Britain's Property Boom: To Buy or Not to Buy?

Wednesday, 09 October 2013

With the housing market currently booming and confidence in the economy at its highest level since 2010, it seems like now is the perfect time to step onto the property ladder. Industry magazine Property Wire seems to agree, reporting that UK home buyers are 10% better off each year than their counterparts in the rented sector.

According to the report, the average monthly costs around buying a three bedroom house are £672; £73 less than the average rental price for a similar property. Five years ago the costs associated with renting were almost 50% lower than those associated with buying, and industry experts believe that rental prices will continue to rise.

The problem is that, despite a plethora of government schemes, many people are still unable to save up enough money for a deposit. This is Money notes that the average mortgage size currently sits at 81-83%, meaning first time buyers have to scrape together at least 17% of the total property value. With the average house price sitting at £242,415, and rising at a faster rate than the average salary, that means a lot of saving.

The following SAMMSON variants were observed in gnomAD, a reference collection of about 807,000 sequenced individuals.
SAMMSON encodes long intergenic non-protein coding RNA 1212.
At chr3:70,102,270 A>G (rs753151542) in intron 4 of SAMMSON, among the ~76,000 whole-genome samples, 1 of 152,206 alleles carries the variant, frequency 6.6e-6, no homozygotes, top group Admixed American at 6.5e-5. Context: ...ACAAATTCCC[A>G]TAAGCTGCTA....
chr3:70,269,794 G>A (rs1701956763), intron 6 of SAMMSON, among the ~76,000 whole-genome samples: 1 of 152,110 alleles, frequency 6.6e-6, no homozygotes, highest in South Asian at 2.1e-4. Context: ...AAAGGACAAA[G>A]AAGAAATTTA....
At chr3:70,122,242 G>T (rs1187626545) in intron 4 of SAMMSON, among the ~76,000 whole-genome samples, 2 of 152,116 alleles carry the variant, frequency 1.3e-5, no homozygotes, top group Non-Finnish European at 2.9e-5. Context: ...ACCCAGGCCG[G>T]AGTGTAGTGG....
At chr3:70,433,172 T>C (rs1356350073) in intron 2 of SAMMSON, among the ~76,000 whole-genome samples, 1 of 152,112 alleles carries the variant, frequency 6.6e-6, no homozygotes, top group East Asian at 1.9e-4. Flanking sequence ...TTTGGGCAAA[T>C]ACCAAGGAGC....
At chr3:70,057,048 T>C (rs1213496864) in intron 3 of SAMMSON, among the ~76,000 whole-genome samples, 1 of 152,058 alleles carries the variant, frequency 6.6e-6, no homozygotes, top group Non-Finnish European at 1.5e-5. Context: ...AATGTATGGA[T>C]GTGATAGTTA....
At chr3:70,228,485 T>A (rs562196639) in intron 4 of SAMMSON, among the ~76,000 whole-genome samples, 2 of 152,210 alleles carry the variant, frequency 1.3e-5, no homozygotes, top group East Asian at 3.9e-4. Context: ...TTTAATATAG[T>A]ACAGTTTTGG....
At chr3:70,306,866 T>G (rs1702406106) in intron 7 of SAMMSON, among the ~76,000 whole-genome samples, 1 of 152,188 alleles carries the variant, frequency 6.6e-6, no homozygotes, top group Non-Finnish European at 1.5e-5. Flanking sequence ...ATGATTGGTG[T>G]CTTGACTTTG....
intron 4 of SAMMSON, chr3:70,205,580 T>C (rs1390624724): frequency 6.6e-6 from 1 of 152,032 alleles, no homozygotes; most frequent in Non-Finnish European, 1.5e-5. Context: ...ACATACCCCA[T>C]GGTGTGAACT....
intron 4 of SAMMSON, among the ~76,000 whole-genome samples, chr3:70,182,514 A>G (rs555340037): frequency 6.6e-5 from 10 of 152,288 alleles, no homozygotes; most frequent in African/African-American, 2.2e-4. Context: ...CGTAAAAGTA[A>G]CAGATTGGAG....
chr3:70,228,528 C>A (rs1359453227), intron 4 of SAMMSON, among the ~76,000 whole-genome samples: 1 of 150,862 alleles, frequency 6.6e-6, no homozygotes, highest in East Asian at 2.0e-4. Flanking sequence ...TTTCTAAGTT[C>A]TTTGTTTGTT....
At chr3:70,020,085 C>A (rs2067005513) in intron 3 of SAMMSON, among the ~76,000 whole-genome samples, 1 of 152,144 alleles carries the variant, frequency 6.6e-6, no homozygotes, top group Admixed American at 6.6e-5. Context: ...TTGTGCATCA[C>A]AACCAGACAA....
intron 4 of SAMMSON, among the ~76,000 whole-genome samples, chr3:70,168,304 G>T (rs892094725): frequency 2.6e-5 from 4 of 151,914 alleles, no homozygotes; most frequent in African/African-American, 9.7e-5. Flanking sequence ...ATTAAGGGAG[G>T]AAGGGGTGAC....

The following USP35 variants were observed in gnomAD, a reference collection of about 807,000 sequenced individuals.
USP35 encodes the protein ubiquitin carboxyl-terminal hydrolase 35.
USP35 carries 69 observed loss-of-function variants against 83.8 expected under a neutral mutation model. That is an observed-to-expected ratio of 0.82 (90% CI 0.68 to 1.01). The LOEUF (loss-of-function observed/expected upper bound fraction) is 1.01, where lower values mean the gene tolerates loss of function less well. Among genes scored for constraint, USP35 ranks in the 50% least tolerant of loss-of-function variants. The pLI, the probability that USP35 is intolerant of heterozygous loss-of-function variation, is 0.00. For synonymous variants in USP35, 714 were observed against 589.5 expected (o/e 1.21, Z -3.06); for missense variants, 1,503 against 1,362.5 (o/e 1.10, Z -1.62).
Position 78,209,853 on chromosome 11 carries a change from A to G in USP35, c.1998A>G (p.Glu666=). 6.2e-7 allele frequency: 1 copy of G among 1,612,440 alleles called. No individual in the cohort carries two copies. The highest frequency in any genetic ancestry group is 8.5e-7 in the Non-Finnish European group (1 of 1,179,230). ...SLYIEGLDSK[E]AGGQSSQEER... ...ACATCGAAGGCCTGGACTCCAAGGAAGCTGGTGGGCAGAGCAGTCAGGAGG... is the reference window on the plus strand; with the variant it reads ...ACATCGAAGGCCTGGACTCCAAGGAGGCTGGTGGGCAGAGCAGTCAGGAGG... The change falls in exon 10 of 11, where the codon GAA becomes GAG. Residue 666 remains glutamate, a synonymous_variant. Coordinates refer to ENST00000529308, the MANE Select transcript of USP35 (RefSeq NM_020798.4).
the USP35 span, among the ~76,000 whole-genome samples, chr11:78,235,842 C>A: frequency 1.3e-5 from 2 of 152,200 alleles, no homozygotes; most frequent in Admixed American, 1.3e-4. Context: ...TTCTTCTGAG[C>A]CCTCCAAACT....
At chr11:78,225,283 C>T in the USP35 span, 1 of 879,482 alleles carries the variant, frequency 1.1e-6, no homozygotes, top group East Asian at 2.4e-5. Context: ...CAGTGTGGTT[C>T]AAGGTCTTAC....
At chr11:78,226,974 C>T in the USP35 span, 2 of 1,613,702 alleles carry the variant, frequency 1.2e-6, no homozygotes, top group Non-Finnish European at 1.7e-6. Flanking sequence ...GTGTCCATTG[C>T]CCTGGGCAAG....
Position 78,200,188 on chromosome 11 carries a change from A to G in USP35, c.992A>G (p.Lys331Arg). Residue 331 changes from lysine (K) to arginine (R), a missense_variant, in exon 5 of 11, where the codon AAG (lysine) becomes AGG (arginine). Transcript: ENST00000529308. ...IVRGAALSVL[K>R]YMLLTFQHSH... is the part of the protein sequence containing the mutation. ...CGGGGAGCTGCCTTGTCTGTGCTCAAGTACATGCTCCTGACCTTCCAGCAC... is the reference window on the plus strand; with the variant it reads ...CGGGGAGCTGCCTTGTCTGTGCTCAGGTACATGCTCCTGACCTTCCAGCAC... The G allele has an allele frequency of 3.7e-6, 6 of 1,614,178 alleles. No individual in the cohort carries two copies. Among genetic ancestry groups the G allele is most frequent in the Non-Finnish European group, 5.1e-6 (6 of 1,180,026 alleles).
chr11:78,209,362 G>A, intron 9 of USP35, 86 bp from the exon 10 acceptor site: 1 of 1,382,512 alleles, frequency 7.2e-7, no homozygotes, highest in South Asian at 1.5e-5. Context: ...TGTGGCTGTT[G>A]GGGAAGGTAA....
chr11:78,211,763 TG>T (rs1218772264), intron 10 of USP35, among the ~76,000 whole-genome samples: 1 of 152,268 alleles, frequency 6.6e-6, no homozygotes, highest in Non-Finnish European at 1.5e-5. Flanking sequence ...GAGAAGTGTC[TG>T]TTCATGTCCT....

Although buying a home may save you money in the long run, there are a lot of up-front costs to consider. As well as the gargantuan deposit, you also need to put aside some cash for stamp duty: the taxman’s cut. Houses under the value of £250,000 pay a 1% stamp duty fee, and it’s essential that you take this into consideration before spending all of your money on the deposit. There are also legal fees, removal costs, and decorating costs to think about.

Of course, when renting a property from a private landlord, the up-front costs are a lot lower. The tenant also has much less responsibility for the property itself - you still need to arrange contents insurance to protect your possessions and pay the utility bills, but if there are any major issues (for example a leaking roof or a faulty boiler) then the landlord is responsible for getting it fixed.

For many people, unfortunately the decision of whether to buy (or not) is dependent on being able to raise the funds for a deposit - meaning that for thousands of renters across the UK, it's a waiting game.

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